Geothermal energy is really beneficial, offering people the ability to tap into the Earth for a renewable source of power. Once it was discovered, it became a revolutionary energy solution that quickly spread from one corner of the globe to the other. But as with any other power-generating solution, you might want to take a look at the upsides and downsides geothermal energy brings if you are thinking of using it for your home. So, to help you with coming up with a well-informed decision, we have gathered some answers to a probable question that is running inside your mind, “What are the advantages and disadvantages of geothermal energy?”
List of the Advantages of Geothermal Energy
1. It is renewable.
This is probably the biggest advantage of geothermal energy—being renewable. This means that as long as we do not pump too much cold water into the Earth, which can cool off hot rocks, such energy will just keep on coming.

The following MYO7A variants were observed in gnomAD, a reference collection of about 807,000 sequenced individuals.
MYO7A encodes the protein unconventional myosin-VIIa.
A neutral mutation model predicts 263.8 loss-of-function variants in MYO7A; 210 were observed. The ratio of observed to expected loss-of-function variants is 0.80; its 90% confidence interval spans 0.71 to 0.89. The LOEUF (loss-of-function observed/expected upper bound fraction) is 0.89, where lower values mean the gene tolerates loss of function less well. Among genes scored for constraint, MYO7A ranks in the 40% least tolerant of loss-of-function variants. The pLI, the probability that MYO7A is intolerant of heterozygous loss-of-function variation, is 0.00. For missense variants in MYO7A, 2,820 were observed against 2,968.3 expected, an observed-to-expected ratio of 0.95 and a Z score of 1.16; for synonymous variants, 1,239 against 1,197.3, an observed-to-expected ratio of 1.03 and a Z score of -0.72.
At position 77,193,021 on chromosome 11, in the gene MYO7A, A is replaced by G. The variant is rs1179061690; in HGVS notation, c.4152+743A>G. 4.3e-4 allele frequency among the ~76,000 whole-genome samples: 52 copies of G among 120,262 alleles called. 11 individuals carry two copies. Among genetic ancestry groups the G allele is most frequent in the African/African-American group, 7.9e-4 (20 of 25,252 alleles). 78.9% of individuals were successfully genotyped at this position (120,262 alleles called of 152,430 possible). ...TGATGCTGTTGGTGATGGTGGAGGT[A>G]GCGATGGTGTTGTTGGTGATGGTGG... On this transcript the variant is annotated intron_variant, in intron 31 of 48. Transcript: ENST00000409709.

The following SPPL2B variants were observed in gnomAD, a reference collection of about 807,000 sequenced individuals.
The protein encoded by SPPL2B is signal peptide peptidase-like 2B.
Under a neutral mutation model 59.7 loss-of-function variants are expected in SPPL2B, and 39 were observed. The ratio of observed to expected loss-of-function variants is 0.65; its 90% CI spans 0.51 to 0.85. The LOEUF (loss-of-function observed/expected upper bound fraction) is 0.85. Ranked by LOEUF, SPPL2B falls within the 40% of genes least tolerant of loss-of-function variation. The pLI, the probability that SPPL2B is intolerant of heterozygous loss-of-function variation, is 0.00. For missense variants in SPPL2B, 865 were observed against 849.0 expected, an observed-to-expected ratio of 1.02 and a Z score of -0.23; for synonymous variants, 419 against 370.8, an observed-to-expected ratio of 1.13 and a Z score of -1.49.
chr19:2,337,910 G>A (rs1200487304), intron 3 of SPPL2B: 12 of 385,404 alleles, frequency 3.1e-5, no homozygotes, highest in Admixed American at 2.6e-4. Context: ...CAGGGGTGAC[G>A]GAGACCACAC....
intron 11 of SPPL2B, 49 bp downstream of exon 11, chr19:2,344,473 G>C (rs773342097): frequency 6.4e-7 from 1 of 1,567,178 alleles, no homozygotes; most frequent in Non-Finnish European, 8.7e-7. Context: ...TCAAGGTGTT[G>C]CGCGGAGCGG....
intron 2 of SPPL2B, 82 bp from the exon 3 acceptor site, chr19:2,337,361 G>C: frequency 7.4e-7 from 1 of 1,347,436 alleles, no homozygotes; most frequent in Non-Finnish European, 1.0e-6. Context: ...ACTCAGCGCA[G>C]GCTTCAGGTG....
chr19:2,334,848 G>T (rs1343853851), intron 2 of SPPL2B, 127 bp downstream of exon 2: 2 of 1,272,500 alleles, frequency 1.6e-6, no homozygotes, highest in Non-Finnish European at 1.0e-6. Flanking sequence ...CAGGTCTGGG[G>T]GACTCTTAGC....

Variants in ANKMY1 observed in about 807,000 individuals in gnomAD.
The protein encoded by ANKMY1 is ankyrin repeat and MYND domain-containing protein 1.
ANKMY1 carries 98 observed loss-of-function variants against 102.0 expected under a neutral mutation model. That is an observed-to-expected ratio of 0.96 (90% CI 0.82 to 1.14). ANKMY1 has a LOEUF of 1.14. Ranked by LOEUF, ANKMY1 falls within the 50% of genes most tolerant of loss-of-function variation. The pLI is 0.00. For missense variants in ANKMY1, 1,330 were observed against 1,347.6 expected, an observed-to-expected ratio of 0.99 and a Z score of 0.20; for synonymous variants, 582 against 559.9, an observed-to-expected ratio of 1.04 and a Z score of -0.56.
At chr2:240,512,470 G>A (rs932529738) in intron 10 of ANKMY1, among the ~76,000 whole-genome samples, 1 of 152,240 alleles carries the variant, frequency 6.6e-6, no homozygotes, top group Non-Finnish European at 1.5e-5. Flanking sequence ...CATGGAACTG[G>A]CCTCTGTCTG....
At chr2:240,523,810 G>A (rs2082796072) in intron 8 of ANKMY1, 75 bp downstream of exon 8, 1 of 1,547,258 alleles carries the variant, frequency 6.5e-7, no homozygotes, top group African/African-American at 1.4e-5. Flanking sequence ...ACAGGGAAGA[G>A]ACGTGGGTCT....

2. It allows for direct use.
Since the old times, we have been using this energy source for heating our homes, taking a bath, preparing our food and, today, heating directly our offices. This has made geothermal energy more affordable for everyone. Though the initial investment you have to make is quite high, you will enjoy huge cost savings in the long run.
3. It causes no pollution.
Another great advantage of using geothermal energy is that it does not produce any type of pollution. At the same time, it does not contribute to the worsening greenhouse effects.
4. Its set-up just requires less area.